Tegmark for his part is intrigued by the fact that the calculations and simulations that physicists use to check a theory against the hard facts of the world can all be done on a finite computer. “That already shows that we don’t need the infinite for anything we’re doing,” he says. “There’s absolutely no evidence whatsoever that nature is doing it any differently, that nature needs to process an infinite amount of information.”
Seth Lloyd, a physicist and quantum information expert also at MIT, counsels caution with such analogies between the cosmos and an ordinary, finite computer. “We have no evidence that the universe behaves as if it were a classical computer,” he says. “And plenty of evidence that it behaves like a quantum computer.”
At first glance, that would seem to be no problem for those wishing to banish infinity. Quantum physics was born when, at the turn of the 20th century, physicist Max Planck showed how to deal with another nonsensical infinity. Classical theories were indicating that the amount of energy emitted by a perfectly absorbing and radiating body should be infinite, which clearly was not the case. Planck solved the problem by suggesting that energy comes not as an infinitely divisible continuum, but in discrete chunks – quanta.
The difficulties start with Schrödinger’s cat. When no one is watching, the famous quantum feline can be both dead and alive at the same time: it hovers in a “superposition” of multiple, mutually exclusive states that blend together continuously. Mathematically, this continuum can only be depicted using infinities. The same is true of a quantum computer’s “qubits”, which can perform vast numbers of mutually exclusive calculations simultaneously, just as long as no one is demanding an output. “If you really wanted to specify the full state of one qubit, it would require an infinite amount of information,” says Lloyd.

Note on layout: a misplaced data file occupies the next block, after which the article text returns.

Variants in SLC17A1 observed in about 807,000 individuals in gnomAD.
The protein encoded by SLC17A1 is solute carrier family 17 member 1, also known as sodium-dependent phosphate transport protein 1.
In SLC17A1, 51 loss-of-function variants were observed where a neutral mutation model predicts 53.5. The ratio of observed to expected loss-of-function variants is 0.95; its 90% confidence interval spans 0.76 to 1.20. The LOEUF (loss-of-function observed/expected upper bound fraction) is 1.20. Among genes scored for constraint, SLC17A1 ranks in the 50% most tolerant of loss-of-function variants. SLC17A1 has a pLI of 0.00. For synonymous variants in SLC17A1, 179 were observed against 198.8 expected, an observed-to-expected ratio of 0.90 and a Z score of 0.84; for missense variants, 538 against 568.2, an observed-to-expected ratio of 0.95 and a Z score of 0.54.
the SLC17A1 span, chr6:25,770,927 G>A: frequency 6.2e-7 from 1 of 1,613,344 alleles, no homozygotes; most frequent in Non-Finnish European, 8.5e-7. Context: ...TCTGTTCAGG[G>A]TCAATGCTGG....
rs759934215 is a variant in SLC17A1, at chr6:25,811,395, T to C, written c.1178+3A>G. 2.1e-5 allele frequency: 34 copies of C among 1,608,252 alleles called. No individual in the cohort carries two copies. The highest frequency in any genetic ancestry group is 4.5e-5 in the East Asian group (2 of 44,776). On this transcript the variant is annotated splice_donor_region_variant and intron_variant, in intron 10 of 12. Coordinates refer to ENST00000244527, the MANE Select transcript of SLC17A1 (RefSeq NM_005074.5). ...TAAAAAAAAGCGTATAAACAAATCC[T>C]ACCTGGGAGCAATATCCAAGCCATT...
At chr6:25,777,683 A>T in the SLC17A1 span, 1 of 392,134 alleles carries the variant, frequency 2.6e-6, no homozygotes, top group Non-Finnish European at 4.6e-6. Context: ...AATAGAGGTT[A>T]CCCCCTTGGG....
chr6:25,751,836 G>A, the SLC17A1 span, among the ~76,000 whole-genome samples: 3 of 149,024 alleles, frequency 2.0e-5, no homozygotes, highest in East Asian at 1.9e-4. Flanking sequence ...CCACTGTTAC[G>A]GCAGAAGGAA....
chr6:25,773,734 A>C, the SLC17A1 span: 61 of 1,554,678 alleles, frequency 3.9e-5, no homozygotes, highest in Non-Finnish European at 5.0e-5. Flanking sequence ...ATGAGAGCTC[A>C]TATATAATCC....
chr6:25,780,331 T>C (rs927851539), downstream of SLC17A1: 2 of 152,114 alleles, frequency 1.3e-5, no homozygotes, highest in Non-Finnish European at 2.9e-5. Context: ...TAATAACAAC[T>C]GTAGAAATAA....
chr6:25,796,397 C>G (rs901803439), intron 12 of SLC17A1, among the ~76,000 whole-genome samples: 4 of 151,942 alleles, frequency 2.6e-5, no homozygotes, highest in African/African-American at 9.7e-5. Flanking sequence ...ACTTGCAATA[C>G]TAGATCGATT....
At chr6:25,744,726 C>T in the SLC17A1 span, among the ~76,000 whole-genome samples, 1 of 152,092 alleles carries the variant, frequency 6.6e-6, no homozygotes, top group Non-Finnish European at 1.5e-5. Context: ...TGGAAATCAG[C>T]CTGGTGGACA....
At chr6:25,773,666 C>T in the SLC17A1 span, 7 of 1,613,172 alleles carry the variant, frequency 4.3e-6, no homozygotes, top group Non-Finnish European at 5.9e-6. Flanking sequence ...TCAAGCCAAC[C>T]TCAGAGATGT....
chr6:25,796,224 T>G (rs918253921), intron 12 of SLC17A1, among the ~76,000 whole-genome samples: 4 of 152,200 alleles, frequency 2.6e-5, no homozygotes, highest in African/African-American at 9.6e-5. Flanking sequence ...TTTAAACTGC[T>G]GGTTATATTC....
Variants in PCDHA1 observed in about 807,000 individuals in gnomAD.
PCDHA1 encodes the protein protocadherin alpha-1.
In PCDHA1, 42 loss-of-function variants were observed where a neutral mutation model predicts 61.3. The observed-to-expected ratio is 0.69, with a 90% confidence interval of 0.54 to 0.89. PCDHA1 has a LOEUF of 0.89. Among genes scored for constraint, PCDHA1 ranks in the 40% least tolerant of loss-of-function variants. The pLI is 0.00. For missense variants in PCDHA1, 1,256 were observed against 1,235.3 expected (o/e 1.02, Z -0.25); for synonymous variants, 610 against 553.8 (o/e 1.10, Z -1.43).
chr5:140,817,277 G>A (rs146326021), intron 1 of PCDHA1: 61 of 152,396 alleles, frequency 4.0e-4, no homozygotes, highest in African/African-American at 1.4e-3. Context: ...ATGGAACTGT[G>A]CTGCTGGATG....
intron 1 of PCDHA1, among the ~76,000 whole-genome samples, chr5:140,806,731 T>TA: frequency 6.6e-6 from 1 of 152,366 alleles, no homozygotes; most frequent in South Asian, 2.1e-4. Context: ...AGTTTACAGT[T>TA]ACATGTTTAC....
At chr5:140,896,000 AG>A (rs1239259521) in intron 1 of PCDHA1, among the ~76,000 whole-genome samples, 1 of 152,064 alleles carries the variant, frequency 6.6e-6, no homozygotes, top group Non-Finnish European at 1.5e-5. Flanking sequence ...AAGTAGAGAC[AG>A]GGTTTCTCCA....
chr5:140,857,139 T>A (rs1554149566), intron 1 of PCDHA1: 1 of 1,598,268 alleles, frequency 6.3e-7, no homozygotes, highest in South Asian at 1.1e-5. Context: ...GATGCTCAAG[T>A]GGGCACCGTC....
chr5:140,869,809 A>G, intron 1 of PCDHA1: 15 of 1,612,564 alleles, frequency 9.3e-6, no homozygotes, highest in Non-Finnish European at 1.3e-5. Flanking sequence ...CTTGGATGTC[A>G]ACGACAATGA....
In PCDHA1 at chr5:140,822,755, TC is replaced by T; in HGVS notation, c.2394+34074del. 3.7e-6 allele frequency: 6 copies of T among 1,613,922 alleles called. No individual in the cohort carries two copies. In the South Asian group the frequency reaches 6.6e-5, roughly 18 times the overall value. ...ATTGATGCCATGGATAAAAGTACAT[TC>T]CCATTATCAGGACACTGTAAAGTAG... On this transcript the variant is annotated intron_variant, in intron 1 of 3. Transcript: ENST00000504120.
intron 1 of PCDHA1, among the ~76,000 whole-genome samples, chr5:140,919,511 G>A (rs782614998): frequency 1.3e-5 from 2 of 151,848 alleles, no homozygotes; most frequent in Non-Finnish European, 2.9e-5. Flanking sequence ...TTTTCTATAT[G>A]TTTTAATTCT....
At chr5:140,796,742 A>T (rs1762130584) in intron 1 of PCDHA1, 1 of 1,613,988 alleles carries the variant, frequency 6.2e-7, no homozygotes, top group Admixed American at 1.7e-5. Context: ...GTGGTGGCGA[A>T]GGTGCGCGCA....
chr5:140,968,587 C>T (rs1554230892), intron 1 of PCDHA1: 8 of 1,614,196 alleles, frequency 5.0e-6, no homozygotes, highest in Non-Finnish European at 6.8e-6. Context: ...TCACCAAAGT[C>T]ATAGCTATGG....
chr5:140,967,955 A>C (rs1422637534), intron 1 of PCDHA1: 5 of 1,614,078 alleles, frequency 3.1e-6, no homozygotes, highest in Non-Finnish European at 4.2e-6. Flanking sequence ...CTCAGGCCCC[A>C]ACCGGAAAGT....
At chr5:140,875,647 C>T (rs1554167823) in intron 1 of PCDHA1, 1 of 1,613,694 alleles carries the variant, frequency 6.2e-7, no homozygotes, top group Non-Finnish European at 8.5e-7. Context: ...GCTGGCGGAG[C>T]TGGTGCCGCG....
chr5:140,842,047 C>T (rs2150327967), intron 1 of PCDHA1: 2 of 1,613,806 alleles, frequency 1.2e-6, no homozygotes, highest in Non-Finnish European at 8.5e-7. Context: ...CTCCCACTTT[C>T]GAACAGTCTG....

Down the rabbit hole
Tegmark is unfazed. “When quantum mechanics was discovered, we realised that classical mechanics was just an approximation,” he says. “I think another revolution is going to take place, and we’ll see that continuous quantum mechanics is itself just an approximation to some deeper theory, which is totally finite.”
Lloyd counters that we ought to work with what we have. “My feeling is, why don’t we just accept what quantum mechanics is telling us, rather than imposing our prejudices on the universe? That never works,” he says.
For physicists looking for a way forward, however, it is easy to see the appeal. If only we could banish infinity from the underlying mathematics, perhaps we might see the way to unify physics. For Tegmark’s particular bugbear, the measure problem, we would be freed from the need to find an arbitrary probability measure to restore cosmology’s predictive power. In a finite multiverse, we could just count the possibilities. If there really were a largest number then we would only have to count so high.
Woodin would rather separate the two issues of physical and mathematical infinities. “It may well be that physics is completely finite,” he says. “But in that case, our conception of set theory represents the discovery of a truth that is somehow far beyond the physical universe.”
Tegmark, on the other hand, thinks the mathematical and physical are inextricably linked – the further we plunge down the rabbit hole of physics to deeper levels of reality, the more things seem to be made purely of mathematics. For him, the fatal error message contained in the measure problem is saying that if we want to rid the physical universe of infinity, we must reboot mathematics, too. “It’s telling us that things aren’t just a little wrong, but terribly wrong.”
(Amanda Gefter is a science writer based in Cambridge, Massachusetts. Her book Trespassing on Einstein’s Lawn will be published by Random House in January 2014)